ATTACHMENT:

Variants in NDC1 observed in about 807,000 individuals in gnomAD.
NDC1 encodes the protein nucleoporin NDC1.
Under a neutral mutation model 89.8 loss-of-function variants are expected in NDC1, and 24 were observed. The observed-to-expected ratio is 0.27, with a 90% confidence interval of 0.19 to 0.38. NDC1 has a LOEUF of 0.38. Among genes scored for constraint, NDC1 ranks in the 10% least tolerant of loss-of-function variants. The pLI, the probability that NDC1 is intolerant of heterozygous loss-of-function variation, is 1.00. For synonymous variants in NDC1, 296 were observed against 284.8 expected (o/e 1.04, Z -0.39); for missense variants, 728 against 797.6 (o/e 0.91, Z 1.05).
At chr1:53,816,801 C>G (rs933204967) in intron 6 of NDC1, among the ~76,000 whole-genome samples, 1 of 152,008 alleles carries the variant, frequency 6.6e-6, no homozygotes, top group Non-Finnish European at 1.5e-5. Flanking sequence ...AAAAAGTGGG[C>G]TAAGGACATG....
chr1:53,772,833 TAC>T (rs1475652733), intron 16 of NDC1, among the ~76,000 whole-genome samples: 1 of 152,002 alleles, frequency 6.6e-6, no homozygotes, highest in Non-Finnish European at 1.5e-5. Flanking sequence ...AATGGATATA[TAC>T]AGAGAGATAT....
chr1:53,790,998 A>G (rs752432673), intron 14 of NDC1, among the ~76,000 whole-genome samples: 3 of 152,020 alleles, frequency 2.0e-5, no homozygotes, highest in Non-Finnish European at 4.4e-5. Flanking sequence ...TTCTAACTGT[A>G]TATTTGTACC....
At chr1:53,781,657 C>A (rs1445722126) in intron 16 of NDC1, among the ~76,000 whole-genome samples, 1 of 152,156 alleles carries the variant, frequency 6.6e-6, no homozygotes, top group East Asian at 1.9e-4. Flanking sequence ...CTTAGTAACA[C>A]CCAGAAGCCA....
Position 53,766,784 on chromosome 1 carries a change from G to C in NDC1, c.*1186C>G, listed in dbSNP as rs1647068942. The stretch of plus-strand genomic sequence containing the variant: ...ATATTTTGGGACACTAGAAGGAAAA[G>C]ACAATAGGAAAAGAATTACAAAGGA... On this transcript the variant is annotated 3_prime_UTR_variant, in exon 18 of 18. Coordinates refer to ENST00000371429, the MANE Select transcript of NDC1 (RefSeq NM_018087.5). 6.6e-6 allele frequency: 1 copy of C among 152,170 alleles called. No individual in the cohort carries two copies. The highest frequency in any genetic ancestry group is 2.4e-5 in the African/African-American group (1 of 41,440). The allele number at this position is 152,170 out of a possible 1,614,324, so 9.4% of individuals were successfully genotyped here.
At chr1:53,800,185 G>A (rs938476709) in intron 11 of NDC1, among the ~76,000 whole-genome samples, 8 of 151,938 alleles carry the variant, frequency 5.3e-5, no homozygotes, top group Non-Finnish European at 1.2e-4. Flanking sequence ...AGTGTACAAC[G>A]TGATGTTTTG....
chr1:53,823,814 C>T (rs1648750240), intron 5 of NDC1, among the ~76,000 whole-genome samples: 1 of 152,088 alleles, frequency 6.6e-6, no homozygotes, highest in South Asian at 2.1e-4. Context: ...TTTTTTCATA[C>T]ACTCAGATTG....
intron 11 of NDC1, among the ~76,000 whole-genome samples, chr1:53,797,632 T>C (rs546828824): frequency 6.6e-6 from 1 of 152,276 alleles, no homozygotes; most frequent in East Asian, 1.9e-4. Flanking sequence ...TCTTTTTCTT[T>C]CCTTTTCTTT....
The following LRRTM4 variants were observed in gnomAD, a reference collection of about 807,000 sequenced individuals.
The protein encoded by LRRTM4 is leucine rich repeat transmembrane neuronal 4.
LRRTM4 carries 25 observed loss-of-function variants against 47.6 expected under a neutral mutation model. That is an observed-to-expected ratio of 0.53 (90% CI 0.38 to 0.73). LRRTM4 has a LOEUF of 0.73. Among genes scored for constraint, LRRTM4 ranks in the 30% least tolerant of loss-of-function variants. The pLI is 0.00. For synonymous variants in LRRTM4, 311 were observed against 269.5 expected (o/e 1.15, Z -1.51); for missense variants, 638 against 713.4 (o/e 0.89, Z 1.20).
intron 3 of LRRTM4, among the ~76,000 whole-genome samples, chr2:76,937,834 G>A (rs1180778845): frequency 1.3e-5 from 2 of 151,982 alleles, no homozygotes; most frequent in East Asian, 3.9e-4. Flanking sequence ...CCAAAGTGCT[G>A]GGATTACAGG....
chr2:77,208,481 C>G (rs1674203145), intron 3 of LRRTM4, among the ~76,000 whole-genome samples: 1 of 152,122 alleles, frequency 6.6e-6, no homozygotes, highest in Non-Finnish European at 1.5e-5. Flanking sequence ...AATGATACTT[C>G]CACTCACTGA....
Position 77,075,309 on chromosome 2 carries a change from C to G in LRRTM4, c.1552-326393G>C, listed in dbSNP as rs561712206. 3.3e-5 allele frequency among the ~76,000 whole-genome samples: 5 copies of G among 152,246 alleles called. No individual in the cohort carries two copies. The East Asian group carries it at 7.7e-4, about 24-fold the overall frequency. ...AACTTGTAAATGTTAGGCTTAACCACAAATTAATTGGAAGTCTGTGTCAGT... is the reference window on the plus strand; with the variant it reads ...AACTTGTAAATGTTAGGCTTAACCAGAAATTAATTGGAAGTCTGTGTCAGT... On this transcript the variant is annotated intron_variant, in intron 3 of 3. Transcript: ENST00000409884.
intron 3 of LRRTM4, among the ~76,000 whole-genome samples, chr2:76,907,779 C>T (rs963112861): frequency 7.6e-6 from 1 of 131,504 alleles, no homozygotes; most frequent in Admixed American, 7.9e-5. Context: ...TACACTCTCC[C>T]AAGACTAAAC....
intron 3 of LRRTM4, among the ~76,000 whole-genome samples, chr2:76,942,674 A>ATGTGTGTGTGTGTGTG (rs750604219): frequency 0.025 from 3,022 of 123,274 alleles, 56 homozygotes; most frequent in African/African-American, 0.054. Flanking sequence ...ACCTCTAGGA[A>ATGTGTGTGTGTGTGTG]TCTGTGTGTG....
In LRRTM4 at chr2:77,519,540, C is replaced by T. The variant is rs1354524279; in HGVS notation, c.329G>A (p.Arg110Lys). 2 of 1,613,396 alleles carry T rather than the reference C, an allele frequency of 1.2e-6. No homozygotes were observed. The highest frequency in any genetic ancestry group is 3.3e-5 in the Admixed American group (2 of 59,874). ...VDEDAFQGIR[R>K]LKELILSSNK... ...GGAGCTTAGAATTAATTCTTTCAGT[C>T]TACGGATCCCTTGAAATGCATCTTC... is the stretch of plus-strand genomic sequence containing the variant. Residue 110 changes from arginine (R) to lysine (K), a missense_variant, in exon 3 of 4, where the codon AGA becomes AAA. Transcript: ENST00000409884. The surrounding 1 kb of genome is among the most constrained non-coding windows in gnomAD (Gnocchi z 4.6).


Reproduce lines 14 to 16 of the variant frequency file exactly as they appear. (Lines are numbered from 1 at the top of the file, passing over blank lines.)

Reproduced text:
LRRTM4 carries 25 observed loss-of-function variants against 47.6 expected under a neutral mutation model. That is an observed-to-expected ratio of 0.53 (90% CI 0.38 to 0.73). LRRTM4 has a LOEUF of 0.73. Among genes scored for constraint, LRRTM4 ranks in the 30% least tolerant of loss-of-function variants. The pLI is 0.00. For synonymous variants in LRRTM4, 311 were observed against 269.5 expected (o/e 1.15, Z -1.51); for missense variants, 638 against 713.4 (o/e 0.89, Z 1.20).
intron 3 of LRRTM4, among the ~76,000 whole-genome samples, chr2:76,937,834 G>A (rs1180778845): frequency 1.3e-5 from 2 of 151,982 alleles, no homozygotes; most frequent in East Asian, 3.9e-4. Flanking sequence ...CCAAAGTGCT[G>A]GGATTACAGG....
chr2:77,208,481 C>G (rs1674203145), intron 3 of LRRTM4, among the ~76,000 whole-genome samples: 1 of 152,122 alleles, frequency 6.6e-6, no homozygotes, highest in Non-Finnish European at 1.5e-5. Flanking sequence ...AATGATACTT[C>G]CACTCACTGA....